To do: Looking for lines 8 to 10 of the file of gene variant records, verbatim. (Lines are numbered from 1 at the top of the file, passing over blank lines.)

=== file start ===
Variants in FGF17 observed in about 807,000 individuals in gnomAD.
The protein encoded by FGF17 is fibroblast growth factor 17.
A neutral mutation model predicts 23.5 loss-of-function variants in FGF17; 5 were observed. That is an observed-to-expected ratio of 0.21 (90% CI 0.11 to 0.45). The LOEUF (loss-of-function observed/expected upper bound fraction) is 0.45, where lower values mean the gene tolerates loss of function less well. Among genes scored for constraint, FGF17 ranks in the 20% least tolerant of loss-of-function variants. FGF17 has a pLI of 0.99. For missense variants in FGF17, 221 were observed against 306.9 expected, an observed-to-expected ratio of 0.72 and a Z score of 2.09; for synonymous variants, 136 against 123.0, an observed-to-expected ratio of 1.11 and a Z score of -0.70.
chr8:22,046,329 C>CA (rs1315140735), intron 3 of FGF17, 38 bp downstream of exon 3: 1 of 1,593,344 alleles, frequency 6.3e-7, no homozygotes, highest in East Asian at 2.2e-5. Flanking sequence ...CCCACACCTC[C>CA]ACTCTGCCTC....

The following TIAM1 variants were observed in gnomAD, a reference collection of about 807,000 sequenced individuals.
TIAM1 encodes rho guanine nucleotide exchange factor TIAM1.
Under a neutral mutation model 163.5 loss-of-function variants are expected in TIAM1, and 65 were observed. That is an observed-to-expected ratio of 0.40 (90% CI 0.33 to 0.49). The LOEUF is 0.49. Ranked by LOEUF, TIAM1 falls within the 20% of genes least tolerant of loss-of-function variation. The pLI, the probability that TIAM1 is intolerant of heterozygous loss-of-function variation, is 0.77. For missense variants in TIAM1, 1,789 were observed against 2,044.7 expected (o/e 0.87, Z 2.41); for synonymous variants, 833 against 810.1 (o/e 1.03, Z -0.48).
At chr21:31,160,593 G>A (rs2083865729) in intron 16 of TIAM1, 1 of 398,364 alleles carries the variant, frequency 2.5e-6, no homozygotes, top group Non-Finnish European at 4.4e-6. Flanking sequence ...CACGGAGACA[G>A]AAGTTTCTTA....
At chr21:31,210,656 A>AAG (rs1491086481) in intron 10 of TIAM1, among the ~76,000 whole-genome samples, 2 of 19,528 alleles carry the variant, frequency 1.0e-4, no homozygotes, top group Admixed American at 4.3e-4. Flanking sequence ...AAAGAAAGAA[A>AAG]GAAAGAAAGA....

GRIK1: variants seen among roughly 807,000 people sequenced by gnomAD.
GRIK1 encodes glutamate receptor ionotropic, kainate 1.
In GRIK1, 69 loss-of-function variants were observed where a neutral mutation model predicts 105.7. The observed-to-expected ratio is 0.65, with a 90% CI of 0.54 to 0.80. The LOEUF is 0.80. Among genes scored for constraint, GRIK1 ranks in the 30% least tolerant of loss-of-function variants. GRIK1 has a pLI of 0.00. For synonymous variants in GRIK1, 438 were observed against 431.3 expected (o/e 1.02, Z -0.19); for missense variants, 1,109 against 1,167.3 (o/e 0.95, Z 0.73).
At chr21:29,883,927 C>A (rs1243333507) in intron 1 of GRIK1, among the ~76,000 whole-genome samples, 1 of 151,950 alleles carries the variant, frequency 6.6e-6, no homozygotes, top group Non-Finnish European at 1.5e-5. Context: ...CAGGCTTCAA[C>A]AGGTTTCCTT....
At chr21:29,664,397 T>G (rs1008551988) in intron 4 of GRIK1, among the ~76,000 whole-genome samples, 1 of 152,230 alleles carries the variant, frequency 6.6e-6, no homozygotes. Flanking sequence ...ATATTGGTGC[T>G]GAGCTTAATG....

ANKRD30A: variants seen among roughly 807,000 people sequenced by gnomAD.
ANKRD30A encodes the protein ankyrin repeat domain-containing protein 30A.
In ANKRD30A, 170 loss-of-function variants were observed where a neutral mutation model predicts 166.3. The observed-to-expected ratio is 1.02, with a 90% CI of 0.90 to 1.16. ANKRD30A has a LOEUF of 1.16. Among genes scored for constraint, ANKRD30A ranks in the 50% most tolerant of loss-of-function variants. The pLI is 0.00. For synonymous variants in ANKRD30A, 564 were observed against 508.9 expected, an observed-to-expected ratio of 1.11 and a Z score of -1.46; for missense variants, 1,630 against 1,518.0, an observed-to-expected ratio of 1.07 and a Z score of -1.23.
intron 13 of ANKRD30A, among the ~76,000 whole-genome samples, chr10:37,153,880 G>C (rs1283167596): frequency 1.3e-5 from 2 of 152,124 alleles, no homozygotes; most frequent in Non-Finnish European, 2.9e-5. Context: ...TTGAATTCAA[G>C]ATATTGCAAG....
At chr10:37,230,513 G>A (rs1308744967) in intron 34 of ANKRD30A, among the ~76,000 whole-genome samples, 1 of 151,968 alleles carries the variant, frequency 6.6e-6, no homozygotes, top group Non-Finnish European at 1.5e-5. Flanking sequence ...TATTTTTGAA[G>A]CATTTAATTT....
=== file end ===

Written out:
At chr21:31,160,593 G>A (rs2083865729) in intron 16 of TIAM1, 1 of 398,364 alleles carries the variant, frequency 2.5e-6, no homozygotes, top group Non-Finnish European at 4.4e-6. Flanking sequence ...CACGGAGACA[G>A]AAGTTTCTTA....
At chr21:31,210,656 A>AAG (rs1491086481) in intron 10 of TIAM1, among the ~76,000 whole-genome samples, 2 of 19,528 alleles carry the variant, frequency 1.0e-4, no homozygotes, top group Admixed American at 4.3e-4. Flanking sequence ...AAAGAAAGAA[A>AAG]GAAAGAAAGA....

GRIK1: variants seen among roughly 807,000 people sequenced by gnomAD.